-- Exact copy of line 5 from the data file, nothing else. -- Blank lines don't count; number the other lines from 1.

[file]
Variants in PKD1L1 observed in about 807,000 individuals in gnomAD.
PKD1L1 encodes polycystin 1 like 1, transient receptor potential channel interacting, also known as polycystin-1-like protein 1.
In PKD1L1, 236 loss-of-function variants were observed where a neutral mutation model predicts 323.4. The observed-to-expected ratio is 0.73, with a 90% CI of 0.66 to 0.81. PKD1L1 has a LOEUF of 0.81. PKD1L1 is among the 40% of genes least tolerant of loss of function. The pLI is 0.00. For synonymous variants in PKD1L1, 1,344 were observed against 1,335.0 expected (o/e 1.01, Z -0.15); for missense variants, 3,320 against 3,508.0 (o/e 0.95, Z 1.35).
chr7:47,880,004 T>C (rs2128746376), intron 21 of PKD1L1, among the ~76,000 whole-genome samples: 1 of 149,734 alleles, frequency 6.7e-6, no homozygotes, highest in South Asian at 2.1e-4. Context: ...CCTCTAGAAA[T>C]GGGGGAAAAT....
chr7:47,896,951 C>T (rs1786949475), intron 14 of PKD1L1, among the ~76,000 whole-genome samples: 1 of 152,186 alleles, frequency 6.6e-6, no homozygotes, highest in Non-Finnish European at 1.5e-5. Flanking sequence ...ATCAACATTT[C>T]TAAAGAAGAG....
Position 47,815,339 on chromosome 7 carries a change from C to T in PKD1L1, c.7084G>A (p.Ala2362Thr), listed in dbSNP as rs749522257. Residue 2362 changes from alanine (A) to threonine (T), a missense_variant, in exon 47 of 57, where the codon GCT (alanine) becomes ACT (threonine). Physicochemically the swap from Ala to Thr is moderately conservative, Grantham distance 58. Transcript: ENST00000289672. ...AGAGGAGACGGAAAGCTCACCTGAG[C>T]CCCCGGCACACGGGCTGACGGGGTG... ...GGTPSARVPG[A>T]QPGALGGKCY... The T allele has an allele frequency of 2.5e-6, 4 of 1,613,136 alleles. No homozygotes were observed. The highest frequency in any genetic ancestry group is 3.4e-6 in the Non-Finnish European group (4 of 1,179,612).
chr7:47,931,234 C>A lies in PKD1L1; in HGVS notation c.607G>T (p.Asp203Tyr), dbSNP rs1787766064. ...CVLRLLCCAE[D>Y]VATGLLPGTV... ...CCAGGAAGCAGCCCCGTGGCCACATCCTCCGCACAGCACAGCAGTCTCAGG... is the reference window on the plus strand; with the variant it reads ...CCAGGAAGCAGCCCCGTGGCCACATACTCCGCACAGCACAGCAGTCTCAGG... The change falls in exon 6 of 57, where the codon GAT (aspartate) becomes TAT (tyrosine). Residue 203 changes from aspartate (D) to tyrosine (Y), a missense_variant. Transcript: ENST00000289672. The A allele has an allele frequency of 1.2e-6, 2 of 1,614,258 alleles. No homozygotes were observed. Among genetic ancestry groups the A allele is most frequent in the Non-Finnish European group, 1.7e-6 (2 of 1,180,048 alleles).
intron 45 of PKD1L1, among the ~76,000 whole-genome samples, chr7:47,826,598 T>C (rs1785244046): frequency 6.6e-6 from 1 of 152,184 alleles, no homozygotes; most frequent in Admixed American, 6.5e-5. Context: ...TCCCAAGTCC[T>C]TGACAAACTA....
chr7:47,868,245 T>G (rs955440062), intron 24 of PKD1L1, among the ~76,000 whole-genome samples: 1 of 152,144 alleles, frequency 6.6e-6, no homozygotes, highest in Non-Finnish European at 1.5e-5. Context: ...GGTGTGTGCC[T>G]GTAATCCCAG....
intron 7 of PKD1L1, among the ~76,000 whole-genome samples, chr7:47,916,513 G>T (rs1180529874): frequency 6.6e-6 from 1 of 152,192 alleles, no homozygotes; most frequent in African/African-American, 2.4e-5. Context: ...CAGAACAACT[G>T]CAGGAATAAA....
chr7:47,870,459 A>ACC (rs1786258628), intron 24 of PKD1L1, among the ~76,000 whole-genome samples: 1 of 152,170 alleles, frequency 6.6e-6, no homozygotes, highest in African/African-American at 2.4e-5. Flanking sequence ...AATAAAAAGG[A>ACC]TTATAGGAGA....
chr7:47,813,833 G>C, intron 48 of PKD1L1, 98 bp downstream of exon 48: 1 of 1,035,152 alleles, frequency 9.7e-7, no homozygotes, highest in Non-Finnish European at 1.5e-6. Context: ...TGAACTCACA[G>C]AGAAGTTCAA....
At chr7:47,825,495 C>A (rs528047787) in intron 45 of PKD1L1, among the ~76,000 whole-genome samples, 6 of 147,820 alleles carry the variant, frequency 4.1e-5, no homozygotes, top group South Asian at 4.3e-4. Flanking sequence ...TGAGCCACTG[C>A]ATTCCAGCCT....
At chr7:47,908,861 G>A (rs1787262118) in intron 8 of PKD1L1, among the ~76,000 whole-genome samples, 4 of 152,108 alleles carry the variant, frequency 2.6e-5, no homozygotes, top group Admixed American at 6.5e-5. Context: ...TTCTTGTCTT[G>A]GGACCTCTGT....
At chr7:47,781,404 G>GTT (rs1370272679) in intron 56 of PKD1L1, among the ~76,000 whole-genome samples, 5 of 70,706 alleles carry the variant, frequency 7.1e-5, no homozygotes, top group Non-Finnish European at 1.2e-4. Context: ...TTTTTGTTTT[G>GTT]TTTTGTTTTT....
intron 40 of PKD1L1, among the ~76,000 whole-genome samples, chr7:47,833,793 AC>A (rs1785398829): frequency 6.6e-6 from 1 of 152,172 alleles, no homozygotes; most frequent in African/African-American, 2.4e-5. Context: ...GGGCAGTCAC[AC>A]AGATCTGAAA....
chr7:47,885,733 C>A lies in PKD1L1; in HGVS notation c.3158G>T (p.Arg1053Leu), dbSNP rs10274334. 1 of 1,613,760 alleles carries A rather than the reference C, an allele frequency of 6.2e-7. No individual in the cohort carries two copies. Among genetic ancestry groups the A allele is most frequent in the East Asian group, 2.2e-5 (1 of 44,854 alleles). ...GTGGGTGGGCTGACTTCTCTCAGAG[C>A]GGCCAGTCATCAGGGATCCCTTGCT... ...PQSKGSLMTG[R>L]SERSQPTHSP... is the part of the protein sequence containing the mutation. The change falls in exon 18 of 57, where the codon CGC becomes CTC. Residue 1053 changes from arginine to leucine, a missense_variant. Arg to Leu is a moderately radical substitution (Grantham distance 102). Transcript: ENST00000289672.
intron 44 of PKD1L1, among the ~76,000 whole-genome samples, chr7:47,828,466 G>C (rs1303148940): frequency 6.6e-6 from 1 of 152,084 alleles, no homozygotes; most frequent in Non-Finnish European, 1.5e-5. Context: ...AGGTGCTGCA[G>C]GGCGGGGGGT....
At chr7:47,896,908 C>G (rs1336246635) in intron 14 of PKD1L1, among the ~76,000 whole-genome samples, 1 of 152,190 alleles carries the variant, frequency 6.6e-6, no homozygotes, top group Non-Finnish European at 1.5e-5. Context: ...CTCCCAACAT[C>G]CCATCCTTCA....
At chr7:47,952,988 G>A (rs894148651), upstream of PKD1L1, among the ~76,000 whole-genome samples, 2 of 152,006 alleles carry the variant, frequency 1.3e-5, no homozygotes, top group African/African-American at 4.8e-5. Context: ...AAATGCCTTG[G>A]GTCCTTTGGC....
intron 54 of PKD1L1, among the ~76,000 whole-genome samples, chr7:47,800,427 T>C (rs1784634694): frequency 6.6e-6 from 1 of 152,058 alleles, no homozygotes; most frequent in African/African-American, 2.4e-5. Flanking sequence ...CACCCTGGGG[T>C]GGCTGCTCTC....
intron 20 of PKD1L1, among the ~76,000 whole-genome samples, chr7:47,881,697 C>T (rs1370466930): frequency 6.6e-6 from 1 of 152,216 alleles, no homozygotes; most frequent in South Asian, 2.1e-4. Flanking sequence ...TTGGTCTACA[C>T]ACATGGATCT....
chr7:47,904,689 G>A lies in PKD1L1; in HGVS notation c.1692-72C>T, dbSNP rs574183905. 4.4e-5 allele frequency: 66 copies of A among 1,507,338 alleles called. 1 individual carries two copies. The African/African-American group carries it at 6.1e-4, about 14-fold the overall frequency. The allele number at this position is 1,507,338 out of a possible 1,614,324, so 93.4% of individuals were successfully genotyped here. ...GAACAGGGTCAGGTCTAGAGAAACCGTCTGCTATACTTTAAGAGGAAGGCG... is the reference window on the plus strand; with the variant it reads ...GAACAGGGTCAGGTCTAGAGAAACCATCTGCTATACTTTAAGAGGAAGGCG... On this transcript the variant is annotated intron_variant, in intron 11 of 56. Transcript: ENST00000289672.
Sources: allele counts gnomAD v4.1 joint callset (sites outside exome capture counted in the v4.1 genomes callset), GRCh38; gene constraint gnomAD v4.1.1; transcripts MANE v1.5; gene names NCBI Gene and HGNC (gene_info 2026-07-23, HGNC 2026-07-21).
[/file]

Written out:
chr7:47,896,951 C>T (rs1786949475), intron 14 of PKD1L1, among the ~76,000 whole-genome samples: 1 of 152,186 alleles, frequency 6.6e-6, no homozygotes, highest in Non-Finnish European at 1.5e-5. Flanking sequence ...ATCAACATTT[C>T]TAAAGAAGAG....